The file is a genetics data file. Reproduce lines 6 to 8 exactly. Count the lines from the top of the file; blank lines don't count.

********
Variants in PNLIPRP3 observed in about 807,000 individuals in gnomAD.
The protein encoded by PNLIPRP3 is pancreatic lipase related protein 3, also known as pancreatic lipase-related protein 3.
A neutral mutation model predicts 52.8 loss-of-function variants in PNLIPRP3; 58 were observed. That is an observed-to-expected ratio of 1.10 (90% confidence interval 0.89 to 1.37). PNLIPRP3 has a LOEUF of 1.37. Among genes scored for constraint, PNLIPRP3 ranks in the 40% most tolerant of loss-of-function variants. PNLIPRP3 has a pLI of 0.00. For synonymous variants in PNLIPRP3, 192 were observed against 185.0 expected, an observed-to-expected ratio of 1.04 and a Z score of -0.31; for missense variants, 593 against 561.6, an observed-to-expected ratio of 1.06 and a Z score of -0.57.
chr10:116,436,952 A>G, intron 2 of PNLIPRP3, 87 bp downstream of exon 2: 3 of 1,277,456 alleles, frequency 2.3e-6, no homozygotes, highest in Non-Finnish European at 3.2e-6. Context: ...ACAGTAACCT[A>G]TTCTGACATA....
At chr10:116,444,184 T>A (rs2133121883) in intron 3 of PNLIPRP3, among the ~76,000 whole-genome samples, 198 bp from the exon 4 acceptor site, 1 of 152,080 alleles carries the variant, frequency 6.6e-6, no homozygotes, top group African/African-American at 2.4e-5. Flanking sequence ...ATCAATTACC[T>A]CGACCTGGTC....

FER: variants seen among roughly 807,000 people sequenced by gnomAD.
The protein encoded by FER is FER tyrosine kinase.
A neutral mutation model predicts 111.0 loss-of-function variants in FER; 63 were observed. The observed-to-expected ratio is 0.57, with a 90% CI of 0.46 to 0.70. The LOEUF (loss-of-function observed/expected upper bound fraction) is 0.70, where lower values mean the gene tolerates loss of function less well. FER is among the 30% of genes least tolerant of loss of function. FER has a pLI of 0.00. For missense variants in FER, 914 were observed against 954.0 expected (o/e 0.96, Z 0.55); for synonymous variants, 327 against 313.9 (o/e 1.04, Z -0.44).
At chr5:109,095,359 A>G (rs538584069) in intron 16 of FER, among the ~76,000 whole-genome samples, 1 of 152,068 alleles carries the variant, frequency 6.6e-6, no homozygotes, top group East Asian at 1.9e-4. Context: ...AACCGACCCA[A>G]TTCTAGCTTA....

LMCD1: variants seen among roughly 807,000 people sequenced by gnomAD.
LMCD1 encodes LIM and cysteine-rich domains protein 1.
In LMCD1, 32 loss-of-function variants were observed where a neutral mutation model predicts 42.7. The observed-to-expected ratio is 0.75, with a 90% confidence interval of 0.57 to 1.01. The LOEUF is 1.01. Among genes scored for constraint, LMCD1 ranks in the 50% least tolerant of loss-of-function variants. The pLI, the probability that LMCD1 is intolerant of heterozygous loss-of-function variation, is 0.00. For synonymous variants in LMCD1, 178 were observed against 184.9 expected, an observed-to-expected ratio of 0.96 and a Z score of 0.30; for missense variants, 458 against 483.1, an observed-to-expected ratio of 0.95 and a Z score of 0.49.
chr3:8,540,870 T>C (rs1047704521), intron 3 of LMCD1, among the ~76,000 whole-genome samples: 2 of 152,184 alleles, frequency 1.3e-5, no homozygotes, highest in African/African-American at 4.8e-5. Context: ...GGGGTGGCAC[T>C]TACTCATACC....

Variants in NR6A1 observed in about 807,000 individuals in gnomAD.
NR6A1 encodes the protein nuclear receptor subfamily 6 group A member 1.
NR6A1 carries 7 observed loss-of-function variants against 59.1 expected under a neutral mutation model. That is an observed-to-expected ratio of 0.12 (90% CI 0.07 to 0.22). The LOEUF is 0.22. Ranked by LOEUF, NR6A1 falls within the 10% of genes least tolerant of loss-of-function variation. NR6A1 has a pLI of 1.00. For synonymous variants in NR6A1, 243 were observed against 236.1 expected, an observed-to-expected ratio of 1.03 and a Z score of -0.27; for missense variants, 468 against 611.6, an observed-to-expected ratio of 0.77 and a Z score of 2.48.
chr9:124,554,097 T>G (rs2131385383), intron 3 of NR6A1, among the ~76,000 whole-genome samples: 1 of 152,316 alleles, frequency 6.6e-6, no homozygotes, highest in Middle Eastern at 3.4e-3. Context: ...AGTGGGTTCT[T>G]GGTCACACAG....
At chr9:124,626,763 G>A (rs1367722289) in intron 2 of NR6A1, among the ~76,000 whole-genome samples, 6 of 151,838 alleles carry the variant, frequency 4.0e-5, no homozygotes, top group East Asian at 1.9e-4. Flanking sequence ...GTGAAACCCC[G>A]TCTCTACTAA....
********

FER: variants seen among roughly 807,000 people sequenced by gnomAD.
The protein encoded by FER is FER tyrosine kinase.
A neutral mutation model predicts 111.0 loss-of-function variants in FER; 63 were observed. The observed-to-expected ratio is 0.57, with a 90% CI of 0.46 to 0.70. The LOEUF (loss-of-function observed/expected upper bound fraction) is 0.70, where lower values mean the gene tolerates loss of function less well. FER is among the 30% of genes least tolerant of loss of function. FER has a pLI of 0.00. For missense variants in FER, 914 were observed against 954.0 expected (o/e 0.96, Z 0.55); for synonymous variants, 327 against 313.9 (o/e 1.04, Z -0.44).